This past weekend was the archery season opener for all of us residing here in Zone C, as designated by the Florida Wildlife Commission. I had the great pleasure of enjoying the opening morning hunt with a good friend on property near my home. We hadn’t seen any deer yet, but by mid-morning, I was getting texts from a friend hunting about twenty minutes away who was. Not only was he seeing deer, he was fortunate enough to get off an arrow at a big doe for his freezer. The only problem was that she’d fled the scene into a deep, dark tangle of woods and he was having difficulty locating her.
Meghan, my guest for the weekend, decided it best that we should go and help him recover his deer and found the job quite a bit more difficult than we had anticipated. In fact, between the three of us, the tangled thicket of briars and tight underbrush made the job impossible; at times it was necessary to crawl about on your knees as the dense brush made it impossible to stand. In little time, we knew that we were in over our heads and needed some specialized help. Meghan pulled out her phone and called for the dog!
The use of tracking dogs began and was highly developed in Germany and other central European countries many years ago and that tradition has spread to many parts of the South here in our country. Today, the many breeds of dogs used to trail deer include bloodhounds, beagles, curs, labradors and golden retrievers, though the labradors seem to be most popular amongst the trainers I know of.
Tracking dogs are trained to follow the trail of the game animal either by its own scent, or by the smell of the blood and they make short work of a recovery. Usually within minutes, they can follow a scent trail and locate a downed animal in the most extreme conditions, where otherwise it would take a man hours to unravel the trail. Physically, dogs can slip in and out of the smallest trails with ease. Sure enough, once the Labrador arrived and was put on the trail leading into the jungle-like forest, he was off like a shot and guiding our way.
I’ve witnessed trail dogs used in the past to recover game, but until this weekend, I did not know that there is an entire network of handlers offering their services throughout the state, free of charge to any hunters having difficulty locating downed game. Their properly trained dogs ignore the fresher scent of healthy deer and stick with the main trail you introduce them to and the volunteers of this network regularly recover more than 125 deer per year. For more information about the Florida Blood Trailing Network (FBTN), you can find them on Facebook and they have posted a list of handlers for each county.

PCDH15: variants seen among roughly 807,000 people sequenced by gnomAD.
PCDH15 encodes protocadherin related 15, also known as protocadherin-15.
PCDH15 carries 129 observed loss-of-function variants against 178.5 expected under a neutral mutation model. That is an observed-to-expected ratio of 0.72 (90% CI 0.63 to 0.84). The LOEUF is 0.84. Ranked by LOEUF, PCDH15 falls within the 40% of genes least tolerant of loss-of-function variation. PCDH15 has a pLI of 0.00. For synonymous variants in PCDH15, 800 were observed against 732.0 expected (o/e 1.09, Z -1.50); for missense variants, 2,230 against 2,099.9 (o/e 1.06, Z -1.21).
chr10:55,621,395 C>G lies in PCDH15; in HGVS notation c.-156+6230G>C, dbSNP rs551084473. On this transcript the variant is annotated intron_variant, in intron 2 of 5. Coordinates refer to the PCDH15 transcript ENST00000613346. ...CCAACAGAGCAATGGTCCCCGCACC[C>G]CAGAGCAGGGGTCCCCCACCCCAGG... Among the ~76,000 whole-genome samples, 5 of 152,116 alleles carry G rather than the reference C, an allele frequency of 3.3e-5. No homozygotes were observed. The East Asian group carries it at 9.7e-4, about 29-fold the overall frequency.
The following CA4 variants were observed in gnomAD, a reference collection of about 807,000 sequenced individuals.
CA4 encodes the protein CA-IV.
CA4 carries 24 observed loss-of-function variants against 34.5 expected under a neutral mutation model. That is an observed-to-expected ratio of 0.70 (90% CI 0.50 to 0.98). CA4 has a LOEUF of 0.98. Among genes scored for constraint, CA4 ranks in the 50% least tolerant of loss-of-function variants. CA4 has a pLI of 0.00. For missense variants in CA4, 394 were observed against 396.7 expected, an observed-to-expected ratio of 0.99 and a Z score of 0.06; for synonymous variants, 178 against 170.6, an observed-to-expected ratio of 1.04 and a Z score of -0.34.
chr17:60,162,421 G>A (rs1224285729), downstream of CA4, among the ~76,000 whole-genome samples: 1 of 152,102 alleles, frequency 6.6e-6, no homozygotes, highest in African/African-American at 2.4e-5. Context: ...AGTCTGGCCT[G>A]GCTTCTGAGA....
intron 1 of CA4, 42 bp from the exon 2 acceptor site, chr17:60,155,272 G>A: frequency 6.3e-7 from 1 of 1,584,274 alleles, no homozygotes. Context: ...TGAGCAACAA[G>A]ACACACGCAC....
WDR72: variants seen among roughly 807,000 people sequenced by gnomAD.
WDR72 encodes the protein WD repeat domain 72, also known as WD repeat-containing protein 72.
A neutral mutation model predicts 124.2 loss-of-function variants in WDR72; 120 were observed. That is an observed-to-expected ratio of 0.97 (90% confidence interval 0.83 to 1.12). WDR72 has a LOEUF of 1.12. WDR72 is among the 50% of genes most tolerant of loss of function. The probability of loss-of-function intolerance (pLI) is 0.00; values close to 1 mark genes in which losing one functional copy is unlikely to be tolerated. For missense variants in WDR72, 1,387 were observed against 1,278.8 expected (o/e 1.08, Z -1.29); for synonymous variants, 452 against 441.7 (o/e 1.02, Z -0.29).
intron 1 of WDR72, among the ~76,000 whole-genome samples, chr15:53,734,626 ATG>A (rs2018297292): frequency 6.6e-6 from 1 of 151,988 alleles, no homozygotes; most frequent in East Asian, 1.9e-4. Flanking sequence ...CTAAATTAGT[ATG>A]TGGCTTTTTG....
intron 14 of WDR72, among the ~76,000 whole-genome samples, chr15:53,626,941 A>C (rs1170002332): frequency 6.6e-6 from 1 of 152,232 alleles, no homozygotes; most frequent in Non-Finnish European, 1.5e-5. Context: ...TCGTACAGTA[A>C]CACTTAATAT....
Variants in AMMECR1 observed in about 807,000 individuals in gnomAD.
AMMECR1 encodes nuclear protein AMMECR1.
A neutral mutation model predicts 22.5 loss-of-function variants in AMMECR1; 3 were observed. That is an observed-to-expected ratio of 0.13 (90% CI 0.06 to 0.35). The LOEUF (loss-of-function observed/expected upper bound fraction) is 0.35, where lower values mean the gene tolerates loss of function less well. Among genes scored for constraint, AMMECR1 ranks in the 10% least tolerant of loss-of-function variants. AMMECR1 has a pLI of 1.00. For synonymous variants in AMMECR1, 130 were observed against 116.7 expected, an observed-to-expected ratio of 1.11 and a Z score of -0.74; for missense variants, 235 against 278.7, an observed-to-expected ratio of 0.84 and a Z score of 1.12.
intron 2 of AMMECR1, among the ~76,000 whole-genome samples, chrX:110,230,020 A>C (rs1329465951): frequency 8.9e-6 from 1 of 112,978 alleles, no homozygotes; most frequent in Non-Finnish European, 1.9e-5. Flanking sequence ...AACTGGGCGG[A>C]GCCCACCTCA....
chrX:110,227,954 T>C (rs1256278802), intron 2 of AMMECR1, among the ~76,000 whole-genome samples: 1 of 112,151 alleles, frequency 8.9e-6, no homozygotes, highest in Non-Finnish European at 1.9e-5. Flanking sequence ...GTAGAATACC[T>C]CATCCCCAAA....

Obviously, hunters should not rely entirely on dogs for trailing deer. FBTN dog handlers get involved only after a hunter performs a thorough search and has basically given up hope because of no visible sign. That is when the FBTN members will join the search and their success rate is unbelievably high.
One handler I spoke to recently reports a FBTN recovery rate of approximately eight out of ten success ratio of all tracking attempts. This is remarkable since the hunter or hunters have already accounted for many, many hours in the woods. It’s his belief that the few deer that do go unrecovered were not struck a lethal blow and will recover. I took the time to burn up the phone lines last night conducting a very unscientific poll among my bowhunting friends and found that they were in favor of tracking dogs and were excited to learn of the FBTN. Each of them agreed with my own desire to not allow ourselves into a situation where we can’t recover our game, but if we ever do, knowing that there is a service out there to assist us is comforting knowledge!
Tracking deer and other big game is a major part of the hunting experience and is a skill, which can take many years to develop. I would highly encourage any hunters taking up a bow and arrow, to spend almost as many hours learning to track and trail as they do shooting their bow. It’s a very important part of the hunt. I’m thankful of the men and women of the FBTN for making themselves available to all of us for those rare occasions when we find ourselves at a loss.
As always, if you have any questions or comments on this week’s column, feel free to reach out to me at [email protected]. God bless and good hunting!